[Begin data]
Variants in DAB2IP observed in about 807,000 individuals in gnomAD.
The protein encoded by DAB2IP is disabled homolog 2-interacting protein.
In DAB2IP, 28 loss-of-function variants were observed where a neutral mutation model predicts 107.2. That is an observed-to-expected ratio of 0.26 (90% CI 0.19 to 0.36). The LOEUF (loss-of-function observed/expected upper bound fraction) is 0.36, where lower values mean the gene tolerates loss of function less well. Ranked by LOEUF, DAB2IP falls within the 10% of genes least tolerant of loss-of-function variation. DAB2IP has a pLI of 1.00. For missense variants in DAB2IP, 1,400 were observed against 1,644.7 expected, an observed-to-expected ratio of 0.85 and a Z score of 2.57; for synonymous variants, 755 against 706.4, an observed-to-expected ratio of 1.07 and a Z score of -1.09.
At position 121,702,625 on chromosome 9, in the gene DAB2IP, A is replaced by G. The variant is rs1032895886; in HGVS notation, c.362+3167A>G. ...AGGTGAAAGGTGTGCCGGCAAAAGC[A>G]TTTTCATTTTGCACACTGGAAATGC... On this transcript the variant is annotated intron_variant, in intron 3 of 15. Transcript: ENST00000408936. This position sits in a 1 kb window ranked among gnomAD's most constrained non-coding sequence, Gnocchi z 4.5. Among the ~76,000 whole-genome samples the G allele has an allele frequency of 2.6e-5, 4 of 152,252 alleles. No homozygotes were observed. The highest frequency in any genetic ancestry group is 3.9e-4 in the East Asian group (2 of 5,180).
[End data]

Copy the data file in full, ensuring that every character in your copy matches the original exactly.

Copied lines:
Variants in DAB2IP observed in about 807,000 individuals in gnomAD.
The protein encoded by DAB2IP is disabled homolog 2-interacting protein.
In DAB2IP, 28 loss-of-function variants were observed where a neutral mutation model predicts 107.2. That is an observed-to-expected ratio of 0.26 (90% CI 0.19 to 0.36). The LOEUF (loss-of-function observed/expected upper bound fraction) is 0.36, where lower values mean the gene tolerates loss of function less well. Ranked by LOEUF, DAB2IP falls within the 10% of genes least tolerant of loss-of-function variation. DAB2IP has a pLI of 1.00. For missense variants in DAB2IP, 1,400 were observed against 1,644.7 expected, an observed-to-expected ratio of 0.85 and a Z score of 2.57; for synonymous variants, 755 against 706.4, an observed-to-expected ratio of 1.07 and a Z score of -1.09.
At position 121,702,625 on chromosome 9, in the gene DAB2IP, A is replaced by G. The variant is rs1032895886; in HGVS notation, c.362+3167A>G. ...AGGTGAAAGGTGTGCCGGCAAAAGC[A>G]TTTTCATTTTGCACACTGGAAATGC... On this transcript the variant is annotated intron_variant, in intron 3 of 15. Transcript: ENST00000408936. This position sits in a 1 kb window ranked among gnomAD's most constrained non-coding sequence, Gnocchi z 4.5. Among the ~76,000 whole-genome samples the G allele has an allele frequency of 2.6e-5, 4 of 152,252 alleles. No homozygotes were observed. The highest frequency in any genetic ancestry group is 3.9e-4 in the East Asian group (2 of 5,180).